More and more of the database vendors are talking about the wonders that SSD can do for transactional (OLTP) databases. So I read Anand's latest SSD article with more than usual interest. If many of the cheaper MLC SSD's write small blocks 20 times slower than a decent harddrive, these SSD's are an absolute nightmare for OLTP databases. 
In our last Dunnington review, we showed our latest virtualization test which includes 4 concurrent OLTP ("Sysbench") tests on four separate MySQL 5.1.23 databases in four ESX virtual machines. We were fairly confident that our 6 disks RAID-0 for data and 1 separate disk for logging were capable of keeping up. After all, each disk is a 300 GB Cheetah Seagate at 15000 rpm, probably one of the fastest (mechanical) disks on this planet as it can deliver up to 400 I/O per second (and 125 MB/s sequential data rate).
But it is better to be safe than to be sorry. We did extensive monitoring with IOstat (on a "native" SLES 10 SP2) and found the following numbers on the disk that performs the logging transactions:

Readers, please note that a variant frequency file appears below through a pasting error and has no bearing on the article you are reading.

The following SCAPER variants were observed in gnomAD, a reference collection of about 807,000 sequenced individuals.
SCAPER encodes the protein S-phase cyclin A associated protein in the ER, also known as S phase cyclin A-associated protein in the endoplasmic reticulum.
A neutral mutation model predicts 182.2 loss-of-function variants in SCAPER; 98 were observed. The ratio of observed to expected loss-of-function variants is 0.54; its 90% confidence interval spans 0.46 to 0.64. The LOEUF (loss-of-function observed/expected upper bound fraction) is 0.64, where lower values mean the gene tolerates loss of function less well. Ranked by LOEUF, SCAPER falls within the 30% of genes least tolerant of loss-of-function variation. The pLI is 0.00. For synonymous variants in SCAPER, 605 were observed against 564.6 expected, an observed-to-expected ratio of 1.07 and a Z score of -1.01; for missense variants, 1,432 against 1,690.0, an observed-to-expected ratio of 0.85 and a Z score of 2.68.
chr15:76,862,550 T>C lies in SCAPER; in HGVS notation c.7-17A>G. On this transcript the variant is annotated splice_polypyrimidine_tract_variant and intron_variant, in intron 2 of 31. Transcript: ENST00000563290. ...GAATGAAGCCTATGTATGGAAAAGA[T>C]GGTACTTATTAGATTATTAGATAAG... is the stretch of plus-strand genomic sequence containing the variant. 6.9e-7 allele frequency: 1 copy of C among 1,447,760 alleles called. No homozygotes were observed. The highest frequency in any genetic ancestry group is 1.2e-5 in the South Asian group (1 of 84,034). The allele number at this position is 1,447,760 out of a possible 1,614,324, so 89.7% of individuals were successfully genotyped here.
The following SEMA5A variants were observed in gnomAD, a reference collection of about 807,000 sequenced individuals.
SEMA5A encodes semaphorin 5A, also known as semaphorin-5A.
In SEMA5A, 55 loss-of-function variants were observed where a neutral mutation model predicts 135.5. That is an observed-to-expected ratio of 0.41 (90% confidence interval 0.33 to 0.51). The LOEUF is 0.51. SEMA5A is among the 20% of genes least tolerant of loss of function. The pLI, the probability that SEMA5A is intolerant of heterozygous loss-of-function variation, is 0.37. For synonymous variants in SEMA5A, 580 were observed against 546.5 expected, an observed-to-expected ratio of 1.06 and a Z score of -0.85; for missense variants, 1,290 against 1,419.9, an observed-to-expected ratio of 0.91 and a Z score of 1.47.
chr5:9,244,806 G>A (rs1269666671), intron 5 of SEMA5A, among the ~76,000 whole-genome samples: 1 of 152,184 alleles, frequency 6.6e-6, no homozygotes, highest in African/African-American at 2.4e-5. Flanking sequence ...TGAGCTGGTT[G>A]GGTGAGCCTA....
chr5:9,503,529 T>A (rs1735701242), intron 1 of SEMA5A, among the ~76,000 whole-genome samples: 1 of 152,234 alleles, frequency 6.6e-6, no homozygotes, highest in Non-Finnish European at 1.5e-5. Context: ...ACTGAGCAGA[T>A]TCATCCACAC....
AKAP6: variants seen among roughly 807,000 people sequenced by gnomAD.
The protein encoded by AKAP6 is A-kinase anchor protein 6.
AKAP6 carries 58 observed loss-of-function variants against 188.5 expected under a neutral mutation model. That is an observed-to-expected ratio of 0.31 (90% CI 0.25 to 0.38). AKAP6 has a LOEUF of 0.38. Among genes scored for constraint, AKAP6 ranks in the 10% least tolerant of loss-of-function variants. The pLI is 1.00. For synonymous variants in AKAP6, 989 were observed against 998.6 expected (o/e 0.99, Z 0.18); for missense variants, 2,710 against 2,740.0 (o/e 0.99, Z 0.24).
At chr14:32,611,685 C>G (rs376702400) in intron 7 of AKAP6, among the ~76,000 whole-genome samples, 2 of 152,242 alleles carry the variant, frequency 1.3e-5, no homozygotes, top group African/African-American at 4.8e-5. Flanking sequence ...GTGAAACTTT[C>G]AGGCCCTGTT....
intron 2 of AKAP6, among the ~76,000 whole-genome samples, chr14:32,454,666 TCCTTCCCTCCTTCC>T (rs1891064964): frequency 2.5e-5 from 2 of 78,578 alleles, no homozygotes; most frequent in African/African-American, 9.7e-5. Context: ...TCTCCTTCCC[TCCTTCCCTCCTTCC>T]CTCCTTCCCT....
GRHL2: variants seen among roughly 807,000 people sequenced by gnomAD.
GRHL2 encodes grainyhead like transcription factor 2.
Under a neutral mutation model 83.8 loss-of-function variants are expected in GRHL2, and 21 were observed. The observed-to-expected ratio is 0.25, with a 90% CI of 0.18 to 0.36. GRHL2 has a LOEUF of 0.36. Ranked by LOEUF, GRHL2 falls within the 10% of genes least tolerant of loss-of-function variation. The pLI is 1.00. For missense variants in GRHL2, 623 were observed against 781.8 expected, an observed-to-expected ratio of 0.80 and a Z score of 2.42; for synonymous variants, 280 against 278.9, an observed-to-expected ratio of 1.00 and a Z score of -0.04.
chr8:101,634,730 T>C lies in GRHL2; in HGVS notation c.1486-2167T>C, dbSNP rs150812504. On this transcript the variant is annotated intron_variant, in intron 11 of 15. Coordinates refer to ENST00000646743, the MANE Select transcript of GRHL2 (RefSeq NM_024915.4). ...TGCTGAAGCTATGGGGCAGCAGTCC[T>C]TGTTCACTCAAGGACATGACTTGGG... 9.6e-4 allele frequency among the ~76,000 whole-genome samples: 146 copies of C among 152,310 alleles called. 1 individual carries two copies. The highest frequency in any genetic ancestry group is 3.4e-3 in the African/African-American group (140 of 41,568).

• queue length is about 0.22 (More than 2 indicates that the harddisk can not keep up)
  • typical average I/O latency is 0.23 ms (90%), with about 10% spikes of 7 to 12 ms (we measure the average over the past 2 seconds) 
That reassured us that our transaction log disk was not a bottleneck. On a "normal" SLES 10 SP2 we achieved 1400 tr/s on a quad core (an anonymous CPU for now ;-). But Anand's article really got us curious and we replaced our mighty Cheetah disk with the Intel x25-M SSD (80 GB). All of a sudden we achieved 1900 tr/s! No less than 35% more transactions, just by replacing the disk that holds the log with the fastest SSD of the moment. That is pretty amazing if you consider that there is no indication whatsoever that we were bottlenecked by our log disk.
So we had to delve a little deeper. I first thought that as long as the harddisk is not the bottleneck, the number of transactions would be more or less the same with a faster disk. It turned out that I was somewhat wrong.